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Night (left) and day side (right) narrow angle images taken on January 1, 2001 illustrating lightning flashes captured on the night side and their sources regions seen on the day side approximately 2 hours earlier. The images have been enhanced in contrast. The lightning locations on the night side images are coincident with bright, high clouds: when the effects of the planet's curvature are accounted for in these images, the upper pair of lightning flashes in the dark side image can be traced to the medium-bright cloud patch along the upper right edge of the day side image. The brighter pair of small clouds to the right of upper center in the day side image is probably also generating lightning, though no lightning was captured in this location by the camera when the night side image was taken. The cluster of lightning flashes in the lower left originates within the core of the swirling storm in the lower left of the day side image.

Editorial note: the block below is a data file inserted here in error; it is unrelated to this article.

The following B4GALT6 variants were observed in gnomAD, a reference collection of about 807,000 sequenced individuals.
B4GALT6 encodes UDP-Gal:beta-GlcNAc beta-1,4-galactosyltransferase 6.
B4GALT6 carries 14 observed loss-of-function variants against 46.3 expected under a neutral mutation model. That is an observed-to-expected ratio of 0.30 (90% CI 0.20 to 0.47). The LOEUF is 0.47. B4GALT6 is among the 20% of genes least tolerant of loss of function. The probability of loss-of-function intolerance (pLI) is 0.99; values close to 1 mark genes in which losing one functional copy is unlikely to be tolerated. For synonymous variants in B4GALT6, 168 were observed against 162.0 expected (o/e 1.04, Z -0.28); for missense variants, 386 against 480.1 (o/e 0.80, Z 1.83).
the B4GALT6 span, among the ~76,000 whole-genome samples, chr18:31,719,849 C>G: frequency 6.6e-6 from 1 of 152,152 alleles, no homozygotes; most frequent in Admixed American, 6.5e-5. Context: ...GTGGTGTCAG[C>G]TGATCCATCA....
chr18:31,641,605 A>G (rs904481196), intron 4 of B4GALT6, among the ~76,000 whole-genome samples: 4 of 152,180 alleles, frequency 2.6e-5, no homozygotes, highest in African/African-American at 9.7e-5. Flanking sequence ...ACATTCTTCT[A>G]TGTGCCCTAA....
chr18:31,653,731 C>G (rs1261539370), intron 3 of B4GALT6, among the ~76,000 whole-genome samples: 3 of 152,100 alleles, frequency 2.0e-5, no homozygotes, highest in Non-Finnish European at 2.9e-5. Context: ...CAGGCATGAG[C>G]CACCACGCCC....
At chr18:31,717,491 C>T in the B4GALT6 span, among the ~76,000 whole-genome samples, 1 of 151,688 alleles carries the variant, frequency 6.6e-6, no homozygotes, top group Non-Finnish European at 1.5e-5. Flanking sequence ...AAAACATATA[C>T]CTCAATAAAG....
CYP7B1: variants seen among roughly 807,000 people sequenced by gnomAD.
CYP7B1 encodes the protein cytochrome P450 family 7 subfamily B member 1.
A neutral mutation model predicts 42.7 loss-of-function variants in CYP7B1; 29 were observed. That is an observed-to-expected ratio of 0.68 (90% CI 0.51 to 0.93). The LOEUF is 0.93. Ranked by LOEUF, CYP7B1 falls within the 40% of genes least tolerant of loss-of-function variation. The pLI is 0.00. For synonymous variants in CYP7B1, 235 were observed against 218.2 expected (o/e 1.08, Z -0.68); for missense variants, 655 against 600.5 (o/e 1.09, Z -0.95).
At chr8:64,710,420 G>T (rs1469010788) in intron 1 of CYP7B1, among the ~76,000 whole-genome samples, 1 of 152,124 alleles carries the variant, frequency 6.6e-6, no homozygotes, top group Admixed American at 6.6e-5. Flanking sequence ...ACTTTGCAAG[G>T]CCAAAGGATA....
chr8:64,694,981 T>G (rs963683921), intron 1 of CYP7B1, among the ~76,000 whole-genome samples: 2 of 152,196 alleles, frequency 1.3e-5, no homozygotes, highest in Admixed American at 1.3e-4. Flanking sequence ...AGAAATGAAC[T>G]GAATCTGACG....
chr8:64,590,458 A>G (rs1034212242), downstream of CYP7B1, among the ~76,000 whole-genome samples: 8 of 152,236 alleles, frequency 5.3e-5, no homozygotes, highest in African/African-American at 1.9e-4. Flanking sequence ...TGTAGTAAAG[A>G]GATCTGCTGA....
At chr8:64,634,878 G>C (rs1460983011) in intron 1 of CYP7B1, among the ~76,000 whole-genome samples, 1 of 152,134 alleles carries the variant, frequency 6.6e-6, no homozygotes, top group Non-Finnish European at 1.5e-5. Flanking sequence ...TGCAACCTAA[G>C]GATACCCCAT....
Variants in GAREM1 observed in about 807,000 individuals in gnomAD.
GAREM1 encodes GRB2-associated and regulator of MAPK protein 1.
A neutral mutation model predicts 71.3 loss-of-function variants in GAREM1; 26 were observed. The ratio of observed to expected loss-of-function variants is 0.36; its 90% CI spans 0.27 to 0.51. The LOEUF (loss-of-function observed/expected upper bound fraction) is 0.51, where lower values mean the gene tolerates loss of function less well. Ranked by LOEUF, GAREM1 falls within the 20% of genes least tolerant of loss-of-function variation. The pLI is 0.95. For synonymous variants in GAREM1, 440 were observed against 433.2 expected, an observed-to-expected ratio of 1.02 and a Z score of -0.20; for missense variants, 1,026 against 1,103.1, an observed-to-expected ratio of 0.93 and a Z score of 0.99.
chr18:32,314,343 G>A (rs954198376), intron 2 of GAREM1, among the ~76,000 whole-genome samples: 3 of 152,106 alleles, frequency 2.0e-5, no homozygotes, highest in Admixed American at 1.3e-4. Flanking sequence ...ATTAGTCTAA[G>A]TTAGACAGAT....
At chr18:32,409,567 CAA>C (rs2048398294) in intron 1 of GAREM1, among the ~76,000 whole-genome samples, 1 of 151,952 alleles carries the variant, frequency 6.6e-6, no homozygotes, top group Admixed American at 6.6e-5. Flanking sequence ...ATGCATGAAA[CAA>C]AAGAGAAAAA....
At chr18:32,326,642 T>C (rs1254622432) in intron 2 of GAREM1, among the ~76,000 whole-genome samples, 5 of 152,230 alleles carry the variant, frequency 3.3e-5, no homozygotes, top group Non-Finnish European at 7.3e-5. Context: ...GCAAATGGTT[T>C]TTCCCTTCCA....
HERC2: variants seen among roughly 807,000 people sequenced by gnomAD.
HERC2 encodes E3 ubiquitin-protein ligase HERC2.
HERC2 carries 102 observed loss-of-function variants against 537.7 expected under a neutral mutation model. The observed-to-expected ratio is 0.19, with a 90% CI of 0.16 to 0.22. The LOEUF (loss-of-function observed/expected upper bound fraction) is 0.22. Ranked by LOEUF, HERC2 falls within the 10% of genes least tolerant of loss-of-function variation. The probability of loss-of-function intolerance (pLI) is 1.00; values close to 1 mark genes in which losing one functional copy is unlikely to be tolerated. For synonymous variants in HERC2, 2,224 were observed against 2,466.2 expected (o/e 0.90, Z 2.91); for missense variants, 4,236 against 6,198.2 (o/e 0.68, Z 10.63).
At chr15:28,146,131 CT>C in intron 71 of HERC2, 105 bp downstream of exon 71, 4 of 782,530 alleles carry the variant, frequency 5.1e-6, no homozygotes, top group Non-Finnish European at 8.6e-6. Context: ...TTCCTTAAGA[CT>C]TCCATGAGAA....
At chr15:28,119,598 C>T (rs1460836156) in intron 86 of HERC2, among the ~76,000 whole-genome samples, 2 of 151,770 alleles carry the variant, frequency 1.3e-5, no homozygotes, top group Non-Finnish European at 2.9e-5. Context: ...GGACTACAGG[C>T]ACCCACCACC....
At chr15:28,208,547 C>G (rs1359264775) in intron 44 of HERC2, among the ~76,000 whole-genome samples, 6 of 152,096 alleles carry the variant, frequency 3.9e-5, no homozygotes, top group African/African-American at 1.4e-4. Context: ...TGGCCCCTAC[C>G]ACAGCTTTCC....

The storms occur at 34 degrees and 23.5 degrees North latitude, within one degree of the latitudes at which similar lightning features were detected by the Galileo spacecraft.
The Cassini-Huygens mission is a cooperative project of NASA, the European Space Agency and the Italian Space Agency. The Jet Propulsion Laboratory, a division of the California Institute of Technology in Pasadena, manages the Cassini-Huygens mission for NASA's Office of Space Science, Washington, D.C. The imaging team consists of scientists from the US, England, France, and Germany. The imaging operations center and team lead (Dr. C. Porco) are based at the Space Science Institute in Boulder, Colo.